I remember when I was a Deputy Governor, I visited Donald Duke who was then Governor of Cross River State and he was talking about the farm project he was into…and that he decided not to use government functionaries to run the farm because he had realized that if he budgeted any amount of money and left government functionaries to manage the farm, more than fifty percent of the money would go into allowances and at the end of the day, the money would go and people would ask: what have we done with this money, the billions? And the money is gone.
But as long as they are government functionaries; as long as the law says that they have to take allowances whenever they are travelling, they would take the allowances. So, he used private sector, NGOs. So, just like this issue, we believe that generation must be completely privatized. No matter what, if you bring government to continue to generate, you would never get anywhere. Distribution must be completely privatized because there have been some leakages through one way or the other.
Government can concentrate on just transmission and even that transmission, government can still give it out to consultants at a particular arrangement. When we get to that point…but for now, we are trying to see if we can complete some of the transmission projects that are going on, the generation projects that are going on; and, of course, …the gas supply contracts that are going on.
Ques: How decisive is the government on the power issue and what are the timelines for delivering on the project?
Ans: In fact, it is not as if the immediate past president, my boss then, was not serious on the power sector reform. I think when we look at all the issues, I think that government needs to do certain things otherwise you would begin to sell the power state service as scraps. We are awarding power contracts, quite a number of councils if you had followed council deliberations. It is not as if the monies were not spent, especially to the NIPP projects. Monies were being spent but there were certain things that we needed to properly fix. We even came with MYTO, this gradual subsidy on power; it was a three-year programme so that by the end of the third year, we would expect that we would be generating and distributing enough power and Nigerians would begin to see that they would gain more by paying a little more on public power dam than getting their private generators; and, especially with this pay-as-you-go metres.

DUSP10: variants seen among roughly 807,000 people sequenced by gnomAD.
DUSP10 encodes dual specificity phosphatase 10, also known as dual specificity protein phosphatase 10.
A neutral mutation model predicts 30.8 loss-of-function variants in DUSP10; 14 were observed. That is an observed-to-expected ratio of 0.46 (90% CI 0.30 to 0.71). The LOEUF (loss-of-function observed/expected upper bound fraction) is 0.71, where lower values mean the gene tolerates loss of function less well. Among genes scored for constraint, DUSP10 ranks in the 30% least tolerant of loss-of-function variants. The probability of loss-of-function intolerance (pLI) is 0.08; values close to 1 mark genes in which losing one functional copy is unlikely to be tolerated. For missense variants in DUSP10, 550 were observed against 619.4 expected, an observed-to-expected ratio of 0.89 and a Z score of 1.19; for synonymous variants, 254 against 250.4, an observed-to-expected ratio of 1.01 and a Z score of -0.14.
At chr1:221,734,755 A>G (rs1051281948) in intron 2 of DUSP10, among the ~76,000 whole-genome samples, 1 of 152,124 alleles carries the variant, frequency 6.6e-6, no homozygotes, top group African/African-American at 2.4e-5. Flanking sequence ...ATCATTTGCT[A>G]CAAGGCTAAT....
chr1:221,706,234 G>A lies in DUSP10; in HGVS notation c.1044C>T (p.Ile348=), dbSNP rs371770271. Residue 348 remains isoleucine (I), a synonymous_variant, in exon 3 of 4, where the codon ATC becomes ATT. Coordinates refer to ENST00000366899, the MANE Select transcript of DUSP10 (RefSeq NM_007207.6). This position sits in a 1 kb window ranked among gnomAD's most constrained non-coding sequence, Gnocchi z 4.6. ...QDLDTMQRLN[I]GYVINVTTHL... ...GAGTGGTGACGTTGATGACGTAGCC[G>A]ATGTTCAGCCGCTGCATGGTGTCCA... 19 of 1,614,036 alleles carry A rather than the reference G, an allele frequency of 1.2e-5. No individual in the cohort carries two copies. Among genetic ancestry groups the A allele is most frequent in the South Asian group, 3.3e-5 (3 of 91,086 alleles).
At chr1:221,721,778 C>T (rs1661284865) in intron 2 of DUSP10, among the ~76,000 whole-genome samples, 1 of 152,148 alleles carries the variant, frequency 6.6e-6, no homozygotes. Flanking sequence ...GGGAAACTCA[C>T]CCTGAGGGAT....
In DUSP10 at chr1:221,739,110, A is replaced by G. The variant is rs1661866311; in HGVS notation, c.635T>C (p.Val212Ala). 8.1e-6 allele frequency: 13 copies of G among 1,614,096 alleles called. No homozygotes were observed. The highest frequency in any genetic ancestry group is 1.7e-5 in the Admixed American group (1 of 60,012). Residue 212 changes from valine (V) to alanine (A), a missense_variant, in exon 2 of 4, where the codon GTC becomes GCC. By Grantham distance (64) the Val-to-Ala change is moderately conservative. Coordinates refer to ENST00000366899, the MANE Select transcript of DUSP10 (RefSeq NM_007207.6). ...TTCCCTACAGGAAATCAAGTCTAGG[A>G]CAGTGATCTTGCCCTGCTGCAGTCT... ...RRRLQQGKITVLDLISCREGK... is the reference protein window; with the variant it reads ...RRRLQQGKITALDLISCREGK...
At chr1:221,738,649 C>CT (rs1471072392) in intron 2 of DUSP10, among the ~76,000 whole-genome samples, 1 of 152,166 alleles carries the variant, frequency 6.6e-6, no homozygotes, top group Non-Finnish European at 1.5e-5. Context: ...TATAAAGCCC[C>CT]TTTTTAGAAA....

So, it was not as if Yar’Adua was not interested in that but it is just that things do not move as fast as one always expects because you may have the best intentions but these are hi-tech things. We do not manufacture the machines here. We have to bring them from abroad. There was one of these projects that after…we realized that the bridge could not carry the turbine. So we had to award a fresh contract… So, it is more complicated but what I can tell Nigerians is that, at least, we are on course. We are meeting weekly and we set up two committees. You did mention initially there was a bit of confusion; in the first place, Ministry of Power normally has a traditional minister that drives the process. When I came on board, based on the advice and I have mentioned that some of the decisions one takes may not even come from close friends or staff members in the office. But based on the advice from somebody who is outside but who is a well known person that to drive things fast, we should take it out from its normal tradition of a Ministry and that I should overlook it on a weekly basis, not as a minister, I am not the Minister of Power, but set up a Committee made of so many professionals.